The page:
The Numbers Lie, In His Favour

The other thing that needs to be kept in mind is that, even though Babcock might be one of the most ruthlessly effective coaches of our generation, you don’t necessarily have to be a great coach to win the Jack Adams Award. Your team just has to be luckier than they were the previous year. Let’s take a glance at how the winners in the fancy stat era improved their teams from the year before their trophy acquisition:


The teams of these winners tend to improve significantly in the standings, Dan Bylsma and Paul MacLean notwithstanding. The average winner sees their point totals go up by 20; remove those two, and you see an average increase of 28. But there isn’t a lot of change in their control of the game; only MacLean and Dave Tippett gained their teams more than a 2% increase of Score-Adjusted Corsi-For Percentage. Tippett shot his team up by over 7%, making him a very deserving winner, but the bulk of coaches saw their team perform about the same from a possession standpoint. In the cases of Bob Hartley and Barry Trotz, they actually saw minor declines.

What seems to matter more is puck luck. Six of the last 8 winners have had Top-10 even strength goaltending in the league, while four of them started off with Bottom-10 netminders the year before and all but Julien and Trotz had their teams’ goalies delivering bottom-half performances in the prior year. In the case of those two, they saw their teams climb up the ranks in shooting percentage to make up for it; the Caps went from 10th to 3rd, and the Bruins, who saw their goaltending “only” improve from 2nd to 1st, went from 27th to 3rd as far as efficiency in actually putting the puck into the net.

Toronto is coming off a spectacularly bad year as far as percentages go. Their shooting percentage of 6.4% at 5-on-5 was not just the worst in the league last year, but the 10th worst since 2007/08, a sample of 270 rosters. Not to mention, it was way off their rosters’ career marks. Their 0.919 SV% was the product of James Reimer being good but not frequently in net, Jonathan Bernier having the worst year of his career, and Garret Sparks being thrust into the wolves as a rookie who many suspect was playing through an injury.

Even if you don’t believe that adding Auston Matthews, Mitch Marner, Nikita Zaitsev, and Matt Martin to the roster makes the team any better, even if you don’t believe that Frederik Andersen and Jhonas Enroth are an upgrade in net, even if you don’t believe that having multiple right-handed shots on defence will make a difference, and even if you don’t believe that full seasons from James van Riemsdyk, Tyler Bozak, William Nylander, and whichever of the Senators wingers stick in the lineup make the team any better on paper, it’s pretty clear that puck luck as bad as last years won’t last forever.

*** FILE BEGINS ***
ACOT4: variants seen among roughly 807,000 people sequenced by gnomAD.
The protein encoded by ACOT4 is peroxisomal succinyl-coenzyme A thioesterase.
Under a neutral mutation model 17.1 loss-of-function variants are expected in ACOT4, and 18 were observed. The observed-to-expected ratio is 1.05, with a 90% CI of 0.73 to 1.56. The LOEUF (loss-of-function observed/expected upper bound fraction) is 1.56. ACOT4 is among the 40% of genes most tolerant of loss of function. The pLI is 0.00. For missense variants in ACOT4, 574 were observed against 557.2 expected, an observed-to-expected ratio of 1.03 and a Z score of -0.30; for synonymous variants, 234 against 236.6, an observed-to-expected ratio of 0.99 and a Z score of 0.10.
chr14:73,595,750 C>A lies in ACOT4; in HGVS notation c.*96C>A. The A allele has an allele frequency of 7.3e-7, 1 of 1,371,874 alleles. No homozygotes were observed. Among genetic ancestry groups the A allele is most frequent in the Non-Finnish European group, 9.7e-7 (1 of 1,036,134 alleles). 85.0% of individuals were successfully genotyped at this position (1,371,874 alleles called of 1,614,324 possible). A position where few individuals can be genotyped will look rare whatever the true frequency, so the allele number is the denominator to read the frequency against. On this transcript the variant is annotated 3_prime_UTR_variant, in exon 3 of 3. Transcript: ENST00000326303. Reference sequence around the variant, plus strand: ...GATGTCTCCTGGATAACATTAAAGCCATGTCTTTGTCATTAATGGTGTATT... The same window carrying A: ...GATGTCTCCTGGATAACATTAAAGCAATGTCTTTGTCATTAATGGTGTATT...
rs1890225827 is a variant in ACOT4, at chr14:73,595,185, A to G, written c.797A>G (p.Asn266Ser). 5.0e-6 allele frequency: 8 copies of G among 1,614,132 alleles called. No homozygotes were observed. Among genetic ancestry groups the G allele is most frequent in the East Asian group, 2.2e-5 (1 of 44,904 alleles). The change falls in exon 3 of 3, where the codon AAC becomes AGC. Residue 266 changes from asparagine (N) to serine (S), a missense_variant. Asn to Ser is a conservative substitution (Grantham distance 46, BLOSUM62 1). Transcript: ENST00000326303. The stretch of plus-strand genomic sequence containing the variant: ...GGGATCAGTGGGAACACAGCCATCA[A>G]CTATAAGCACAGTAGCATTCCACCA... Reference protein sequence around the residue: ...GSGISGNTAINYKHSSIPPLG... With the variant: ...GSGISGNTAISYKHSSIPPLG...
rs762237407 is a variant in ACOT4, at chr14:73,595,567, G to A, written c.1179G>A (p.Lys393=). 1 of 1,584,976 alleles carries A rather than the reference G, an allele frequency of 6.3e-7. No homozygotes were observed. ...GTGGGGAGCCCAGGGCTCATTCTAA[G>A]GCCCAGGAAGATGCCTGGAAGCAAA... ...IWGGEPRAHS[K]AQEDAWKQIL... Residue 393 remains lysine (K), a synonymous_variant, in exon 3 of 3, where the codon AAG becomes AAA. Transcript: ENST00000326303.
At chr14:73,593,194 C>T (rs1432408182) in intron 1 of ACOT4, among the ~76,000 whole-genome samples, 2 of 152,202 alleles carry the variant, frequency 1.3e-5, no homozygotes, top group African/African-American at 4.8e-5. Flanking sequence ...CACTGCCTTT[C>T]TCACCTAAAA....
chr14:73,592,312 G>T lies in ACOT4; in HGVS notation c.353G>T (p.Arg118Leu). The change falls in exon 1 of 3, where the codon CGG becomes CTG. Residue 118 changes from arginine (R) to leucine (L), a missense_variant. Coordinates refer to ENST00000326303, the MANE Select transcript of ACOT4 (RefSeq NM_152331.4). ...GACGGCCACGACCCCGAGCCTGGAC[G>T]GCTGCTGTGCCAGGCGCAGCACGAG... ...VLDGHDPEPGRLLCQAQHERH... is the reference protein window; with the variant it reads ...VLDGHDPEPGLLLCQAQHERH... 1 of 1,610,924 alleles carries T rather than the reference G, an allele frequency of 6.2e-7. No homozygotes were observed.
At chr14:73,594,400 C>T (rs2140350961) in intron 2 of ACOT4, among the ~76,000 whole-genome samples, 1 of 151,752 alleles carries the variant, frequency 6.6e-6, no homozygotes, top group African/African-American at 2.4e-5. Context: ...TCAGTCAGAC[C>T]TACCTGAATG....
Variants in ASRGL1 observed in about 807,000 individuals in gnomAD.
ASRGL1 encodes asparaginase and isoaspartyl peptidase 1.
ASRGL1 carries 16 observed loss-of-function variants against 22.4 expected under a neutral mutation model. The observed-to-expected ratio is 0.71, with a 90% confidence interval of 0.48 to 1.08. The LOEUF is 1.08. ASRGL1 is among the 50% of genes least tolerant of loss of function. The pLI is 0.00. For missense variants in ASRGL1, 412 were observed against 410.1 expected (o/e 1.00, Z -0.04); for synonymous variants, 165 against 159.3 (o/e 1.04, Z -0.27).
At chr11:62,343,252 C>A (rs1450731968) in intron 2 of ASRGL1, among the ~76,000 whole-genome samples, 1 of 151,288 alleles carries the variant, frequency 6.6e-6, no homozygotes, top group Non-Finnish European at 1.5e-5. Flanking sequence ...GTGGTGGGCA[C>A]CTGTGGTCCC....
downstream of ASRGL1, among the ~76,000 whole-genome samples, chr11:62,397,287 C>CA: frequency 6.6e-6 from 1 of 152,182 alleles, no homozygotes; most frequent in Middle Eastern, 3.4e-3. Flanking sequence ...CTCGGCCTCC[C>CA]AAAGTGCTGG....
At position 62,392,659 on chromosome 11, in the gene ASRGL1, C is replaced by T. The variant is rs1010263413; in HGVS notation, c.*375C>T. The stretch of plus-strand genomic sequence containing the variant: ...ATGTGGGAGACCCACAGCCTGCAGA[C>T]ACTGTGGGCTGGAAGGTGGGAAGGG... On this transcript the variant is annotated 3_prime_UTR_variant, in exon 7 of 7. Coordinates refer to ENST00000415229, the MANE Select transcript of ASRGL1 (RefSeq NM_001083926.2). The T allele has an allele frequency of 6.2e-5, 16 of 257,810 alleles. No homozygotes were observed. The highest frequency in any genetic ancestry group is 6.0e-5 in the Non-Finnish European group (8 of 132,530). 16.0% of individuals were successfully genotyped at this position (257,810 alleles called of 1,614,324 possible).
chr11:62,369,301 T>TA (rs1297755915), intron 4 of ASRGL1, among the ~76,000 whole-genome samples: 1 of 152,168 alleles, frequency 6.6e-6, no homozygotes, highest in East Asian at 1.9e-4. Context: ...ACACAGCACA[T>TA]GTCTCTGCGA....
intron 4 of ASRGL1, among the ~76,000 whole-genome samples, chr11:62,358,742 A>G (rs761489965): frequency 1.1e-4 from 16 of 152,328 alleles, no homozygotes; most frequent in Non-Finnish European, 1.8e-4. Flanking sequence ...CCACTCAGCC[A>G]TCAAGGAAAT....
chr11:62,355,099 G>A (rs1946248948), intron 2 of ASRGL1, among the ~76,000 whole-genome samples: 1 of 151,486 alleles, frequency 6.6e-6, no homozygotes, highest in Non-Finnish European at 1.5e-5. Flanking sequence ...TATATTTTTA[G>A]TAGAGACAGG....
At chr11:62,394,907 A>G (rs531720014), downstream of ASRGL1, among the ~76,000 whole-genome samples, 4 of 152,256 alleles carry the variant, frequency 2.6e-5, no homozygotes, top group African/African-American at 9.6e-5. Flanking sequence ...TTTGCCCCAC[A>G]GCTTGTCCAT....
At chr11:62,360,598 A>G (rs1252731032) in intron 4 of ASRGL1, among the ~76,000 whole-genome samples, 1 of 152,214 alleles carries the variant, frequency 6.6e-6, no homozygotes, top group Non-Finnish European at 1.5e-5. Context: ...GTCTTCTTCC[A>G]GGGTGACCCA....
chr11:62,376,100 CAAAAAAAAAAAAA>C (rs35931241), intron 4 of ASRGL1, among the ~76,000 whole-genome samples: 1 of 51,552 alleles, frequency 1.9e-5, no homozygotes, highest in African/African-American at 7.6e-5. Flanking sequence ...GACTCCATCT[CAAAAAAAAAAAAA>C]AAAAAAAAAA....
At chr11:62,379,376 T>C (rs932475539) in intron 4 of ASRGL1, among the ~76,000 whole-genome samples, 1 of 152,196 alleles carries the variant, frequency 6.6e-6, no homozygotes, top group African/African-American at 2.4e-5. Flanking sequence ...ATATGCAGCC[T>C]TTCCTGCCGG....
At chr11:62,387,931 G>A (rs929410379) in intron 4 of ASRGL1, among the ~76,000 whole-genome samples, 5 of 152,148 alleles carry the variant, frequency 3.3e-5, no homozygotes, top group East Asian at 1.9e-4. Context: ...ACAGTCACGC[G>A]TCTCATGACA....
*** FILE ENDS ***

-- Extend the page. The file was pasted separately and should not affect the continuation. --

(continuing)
In a league where bouncebacks of percentages seem to be the best way to be recognized as a good coach, that fares very well for Babcock’s odds.

Being Due

So, we know that Babcock is going to benefit from a pre-season hype train before every other NHL coach gets a chance to get patted on the back. We know that the Leafs had catastrophically low percentages last year, and a bounce-back seems to be a more effective route towards being named a good coach than actually making your team control the flow of the game. Both of these things help Toronto’s bench boss significantly in a vote. But you know what else will?

He’s overdue to win this trophy.

Now, I don’t think that somebody should win an award because they should’ve won it in previous years but didn’t. The voting process should always be a product of the present; if I had a stake in this race, I’d be voting for the coach who appears to have the biggest impact on the team’s success in a given year, and that would come from a combination of seeing how a team teams to stick to their system and the objective effectiveness of the system itself in maintaining the flow of the typical game.

But it doesn’t always work that way, and we know that. Believe it or not, despite being seen as one of the delivery man for a gold standard in modern hockey strategy, and despite his success and pedigree, Babcock has never won a Jack Adams Award. 

Mike Babcock. 2008 Stanley Cup Champion, three-time Stanley Cup Finalist, and playoff coach in all but two of his fourteen years in the NHL. Often with a record well above 0.550, eight times over 0.600. Not a single one.

This is the most opportune time for him to win it. The world is watching the Leafs in this centennial year, and they’re perhaps the most likely team in the league to bounce back regardless of who is behind the bench. But the boss right now isn’t a “regardless” one; he’s a man who is accepted as one of the best coaches of our generation, and one who is about to add a World Cup to his massive resume in front of all the people eventually voting for the award. Barring a combination of injuries to core players and further snakebitten play, I can’t see anybody else taking home the trophy.